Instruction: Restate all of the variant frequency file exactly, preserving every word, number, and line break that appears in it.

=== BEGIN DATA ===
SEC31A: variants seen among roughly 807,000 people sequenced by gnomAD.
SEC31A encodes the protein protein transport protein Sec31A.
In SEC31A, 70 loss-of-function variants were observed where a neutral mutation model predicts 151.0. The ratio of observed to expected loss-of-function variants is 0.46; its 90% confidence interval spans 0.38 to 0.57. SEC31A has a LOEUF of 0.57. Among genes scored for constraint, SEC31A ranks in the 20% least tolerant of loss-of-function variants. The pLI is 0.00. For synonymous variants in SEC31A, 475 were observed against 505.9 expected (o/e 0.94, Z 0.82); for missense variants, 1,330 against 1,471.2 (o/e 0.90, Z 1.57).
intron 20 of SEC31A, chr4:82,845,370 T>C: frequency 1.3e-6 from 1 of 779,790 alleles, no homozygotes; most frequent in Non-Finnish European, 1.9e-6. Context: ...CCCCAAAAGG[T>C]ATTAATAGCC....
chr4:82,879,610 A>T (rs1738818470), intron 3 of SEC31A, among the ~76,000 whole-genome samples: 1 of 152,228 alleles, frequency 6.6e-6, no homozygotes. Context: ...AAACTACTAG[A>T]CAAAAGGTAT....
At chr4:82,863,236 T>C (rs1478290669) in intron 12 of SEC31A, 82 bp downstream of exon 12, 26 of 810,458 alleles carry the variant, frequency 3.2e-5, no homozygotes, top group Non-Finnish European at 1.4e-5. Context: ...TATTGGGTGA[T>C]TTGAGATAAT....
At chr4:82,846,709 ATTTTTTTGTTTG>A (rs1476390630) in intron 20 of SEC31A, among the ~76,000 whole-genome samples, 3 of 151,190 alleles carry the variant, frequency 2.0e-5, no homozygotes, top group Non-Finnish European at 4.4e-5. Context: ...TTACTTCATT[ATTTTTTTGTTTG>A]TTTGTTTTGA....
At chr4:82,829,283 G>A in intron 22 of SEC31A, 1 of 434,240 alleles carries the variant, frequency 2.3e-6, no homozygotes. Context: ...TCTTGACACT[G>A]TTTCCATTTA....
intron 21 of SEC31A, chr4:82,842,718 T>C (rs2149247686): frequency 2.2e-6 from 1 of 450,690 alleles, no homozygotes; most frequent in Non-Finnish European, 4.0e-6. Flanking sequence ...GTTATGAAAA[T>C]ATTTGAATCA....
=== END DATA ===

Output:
SEC31A: variants seen among roughly 807,000 people sequenced by gnomAD.
SEC31A encodes the protein protein transport protein Sec31A.
In SEC31A, 70 loss-of-function variants were observed where a neutral mutation model predicts 151.0. The ratio of observed to expected loss-of-function variants is 0.46; its 90% confidence interval spans 0.38 to 0.57. SEC31A has a LOEUF of 0.57. Among genes scored for constraint, SEC31A ranks in the 20% least tolerant of loss-of-function variants. The pLI is 0.00. For synonymous variants in SEC31A, 475 were observed against 505.9 expected (o/e 0.94, Z 0.82); for missense variants, 1,330 against 1,471.2 (o/e 0.90, Z 1.57).
intron 20 of SEC31A, chr4:82,845,370 T>C: frequency 1.3e-6 from 1 of 779,790 alleles, no homozygotes; most frequent in Non-Finnish European, 1.9e-6. Context: ...CCCCAAAAGG[T>C]ATTAATAGCC....
chr4:82,879,610 A>T (rs1738818470), intron 3 of SEC31A, among the ~76,000 whole-genome samples: 1 of 152,228 alleles, frequency 6.6e-6, no homozygotes. Context: ...AAACTACTAG[A>T]CAAAAGGTAT....
At chr4:82,863,236 T>C (rs1478290669) in intron 12 of SEC31A, 82 bp downstream of exon 12, 26 of 810,458 alleles carry the variant, frequency 3.2e-5, no homozygotes, top group Non-Finnish European at 1.4e-5. Context: ...TATTGGGTGA[T>C]TTGAGATAAT....
At chr4:82,846,709 ATTTTTTTGTTTG>A (rs1476390630) in intron 20 of SEC31A, among the ~76,000 whole-genome samples, 3 of 151,190 alleles carry the variant, frequency 2.0e-5, no homozygotes, top group Non-Finnish European at 4.4e-5. Context: ...TTACTTCATT[ATTTTTTTGTTTG>A]TTTGTTTTGA....
At chr4:82,829,283 G>A in intron 22 of SEC31A, 1 of 434,240 alleles carries the variant, frequency 2.3e-6, no homozygotes. Context: ...TCTTGACACT[G>A]TTTCCATTTA....
intron 21 of SEC31A, chr4:82,842,718 T>C (rs2149247686): frequency 2.2e-6 from 1 of 450,690 alleles, no homozygotes; most frequent in Non-Finnish European, 4.0e-6. Flanking sequence ...GTTATGAAAA[T>C]ATTTGAATCA....